[License-review] Submitting CC0 for OSI approval

Russ Nelson nelson at crynwr.com
Sun Feb 19 00:14:57 UTC 2012

Henrik Ingo writes:
 > In this light it is interesting to note that the OSD also does not
 > mention any requirement that a receiver of a piece of software or
 > source code should have the right to use it - it is likewise mostly
 > concerned with distribution, publication and modification. It is only
 > in practice we see that all open source licenses also allow you to
 > *use* the software.

Yes, let's all thank Bruce for that. (If Bruce wants credit, he has to
take blame, too.) We have finessed our way around that by pointing out
that the OSD covers distribution, and that use is implicit in
possession of the software, and is explicit in U.S. law.

 > It seems to me this is an opportunity
 >  - for the OSI to affirm the meaning of #7 in the OSD (to cover patents)

No. That doesn't even BEGIN to deal with patents. With a copyright, A
wrote the code, has copyright, licenses it to B, and B is free to do
anything with the code whatsoever without needing to consult with
A. ONLY if B wants to redistribute it do they need to look at the
license they got from A. This is what the Open Source Definition does
-- it guarantees that we have looked at the license and we believe
that the license has those attributes.

We can't say anywhere NEAR as much for someone in a regime that allows
software patents (which is a small fraction of the world,
fortunately.) Even if we required that A indemnify B against patents
owned by A, we can't say anything about all the other patents.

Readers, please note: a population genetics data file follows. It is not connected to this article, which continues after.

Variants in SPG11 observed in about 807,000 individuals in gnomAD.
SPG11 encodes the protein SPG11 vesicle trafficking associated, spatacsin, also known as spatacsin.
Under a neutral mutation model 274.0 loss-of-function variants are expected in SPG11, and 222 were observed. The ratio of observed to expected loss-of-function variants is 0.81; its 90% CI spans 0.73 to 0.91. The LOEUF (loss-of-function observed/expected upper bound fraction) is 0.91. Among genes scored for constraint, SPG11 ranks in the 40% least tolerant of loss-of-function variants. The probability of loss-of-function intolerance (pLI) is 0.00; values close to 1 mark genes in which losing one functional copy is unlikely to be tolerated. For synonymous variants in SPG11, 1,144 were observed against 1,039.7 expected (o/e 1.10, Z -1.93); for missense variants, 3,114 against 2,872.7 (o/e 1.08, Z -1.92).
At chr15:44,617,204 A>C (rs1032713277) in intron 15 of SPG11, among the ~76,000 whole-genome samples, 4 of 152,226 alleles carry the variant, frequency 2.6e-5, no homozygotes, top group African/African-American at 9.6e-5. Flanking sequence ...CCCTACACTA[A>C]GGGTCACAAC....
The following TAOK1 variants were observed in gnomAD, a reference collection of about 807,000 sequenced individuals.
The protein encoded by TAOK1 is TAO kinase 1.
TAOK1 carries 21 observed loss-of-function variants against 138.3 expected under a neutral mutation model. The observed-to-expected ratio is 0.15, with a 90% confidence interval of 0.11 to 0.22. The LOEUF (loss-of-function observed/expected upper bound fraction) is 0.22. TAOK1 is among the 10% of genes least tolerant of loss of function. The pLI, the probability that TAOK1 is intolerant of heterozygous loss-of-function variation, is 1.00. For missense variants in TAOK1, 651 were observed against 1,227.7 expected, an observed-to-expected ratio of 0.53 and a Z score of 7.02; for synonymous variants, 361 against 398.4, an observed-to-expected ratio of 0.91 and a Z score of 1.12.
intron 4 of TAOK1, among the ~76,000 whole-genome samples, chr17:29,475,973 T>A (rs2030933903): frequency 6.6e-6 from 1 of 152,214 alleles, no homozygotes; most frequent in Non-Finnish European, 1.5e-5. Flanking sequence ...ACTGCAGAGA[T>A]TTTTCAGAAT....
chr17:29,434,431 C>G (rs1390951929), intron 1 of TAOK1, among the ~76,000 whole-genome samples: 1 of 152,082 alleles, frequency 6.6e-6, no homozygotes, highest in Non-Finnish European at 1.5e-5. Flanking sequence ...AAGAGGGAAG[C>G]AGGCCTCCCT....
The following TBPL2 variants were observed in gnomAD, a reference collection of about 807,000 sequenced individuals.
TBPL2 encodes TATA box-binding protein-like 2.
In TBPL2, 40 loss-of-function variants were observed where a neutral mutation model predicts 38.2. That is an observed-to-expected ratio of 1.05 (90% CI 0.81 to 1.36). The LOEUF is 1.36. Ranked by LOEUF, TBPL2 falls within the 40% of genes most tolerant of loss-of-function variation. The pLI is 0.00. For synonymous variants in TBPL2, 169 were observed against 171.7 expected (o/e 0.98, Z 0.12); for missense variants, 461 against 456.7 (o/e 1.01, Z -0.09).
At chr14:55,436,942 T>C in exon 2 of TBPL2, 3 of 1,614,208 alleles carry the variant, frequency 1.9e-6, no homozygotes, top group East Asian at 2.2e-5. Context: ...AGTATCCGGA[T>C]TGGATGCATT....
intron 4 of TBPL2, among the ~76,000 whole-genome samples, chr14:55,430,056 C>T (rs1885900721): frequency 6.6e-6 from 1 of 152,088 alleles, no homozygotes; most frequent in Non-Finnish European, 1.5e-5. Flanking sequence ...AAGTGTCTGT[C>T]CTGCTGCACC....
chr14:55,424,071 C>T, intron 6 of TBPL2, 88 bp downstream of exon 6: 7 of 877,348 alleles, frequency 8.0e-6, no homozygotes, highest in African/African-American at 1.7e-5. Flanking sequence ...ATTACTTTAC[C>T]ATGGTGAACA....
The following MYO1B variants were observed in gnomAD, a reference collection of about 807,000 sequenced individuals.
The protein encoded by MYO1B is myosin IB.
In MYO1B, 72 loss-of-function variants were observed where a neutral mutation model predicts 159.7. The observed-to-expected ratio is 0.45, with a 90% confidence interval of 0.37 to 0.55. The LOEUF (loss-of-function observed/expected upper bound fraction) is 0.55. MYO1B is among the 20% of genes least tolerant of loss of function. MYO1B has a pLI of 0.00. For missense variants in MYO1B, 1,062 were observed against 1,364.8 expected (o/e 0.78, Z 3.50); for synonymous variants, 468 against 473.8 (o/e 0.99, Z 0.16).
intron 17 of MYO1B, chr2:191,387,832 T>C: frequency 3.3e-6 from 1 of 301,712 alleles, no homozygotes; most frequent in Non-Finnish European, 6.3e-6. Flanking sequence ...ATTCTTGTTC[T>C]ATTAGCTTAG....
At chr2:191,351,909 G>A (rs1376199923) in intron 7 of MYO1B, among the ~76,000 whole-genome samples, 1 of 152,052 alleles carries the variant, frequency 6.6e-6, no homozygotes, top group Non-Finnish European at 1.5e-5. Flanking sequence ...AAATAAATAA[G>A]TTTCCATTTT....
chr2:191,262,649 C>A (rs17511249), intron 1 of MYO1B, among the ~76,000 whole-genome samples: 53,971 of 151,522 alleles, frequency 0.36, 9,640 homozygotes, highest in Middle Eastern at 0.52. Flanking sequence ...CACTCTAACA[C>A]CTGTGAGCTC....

If the OSD covered patents, it would only be a whitewash over the real
problem. It would be irresponsible for us to pretend that we are
creating any benefit to B.  There are 6 billion people on the Earth,
and with an OSD that requires patent indemnification against lawsuits
by A, only 5,999,999,999 of them can sue you for patent infringement.

And, the final killer is that CC0 is an attempt to put software into
the public domain, or come as near as possible. So, in a country where
CC0 is valid law, once you see the CC0 on a piece of code, you don't
have to reproduce the CC0 anymore. Now, code that is in the public
domain is not licensed. There is no copyright holder TO license the
code. With no copyright license, there is no patent license.

A patent license is antithetical to a public domain declaration.

 >  - for the OSI to affirm that an open source license must allow the
 > receiver to "use" the software

That's a separate issue. The OSD deals with copyright licensing,
period. Since copyright (at least in the US; probably in all Berne
Convention countries; and probably everywhere anyway) never covers
use, we would have to start saying that open source licenses are
contracts. Some people (and lawyers) say that a copyright license IS a
contract. But in order for that to be the case, open source licensing
would have to dramatically change, because right now, if A writes
code, publishes it, B downloads it, and shares it with C, then A has
NO RELATION to C and C has not entered into a contract with B.

Can you see what a rathole that ends up being?

--my blog is at    http://blog.russnelson.com
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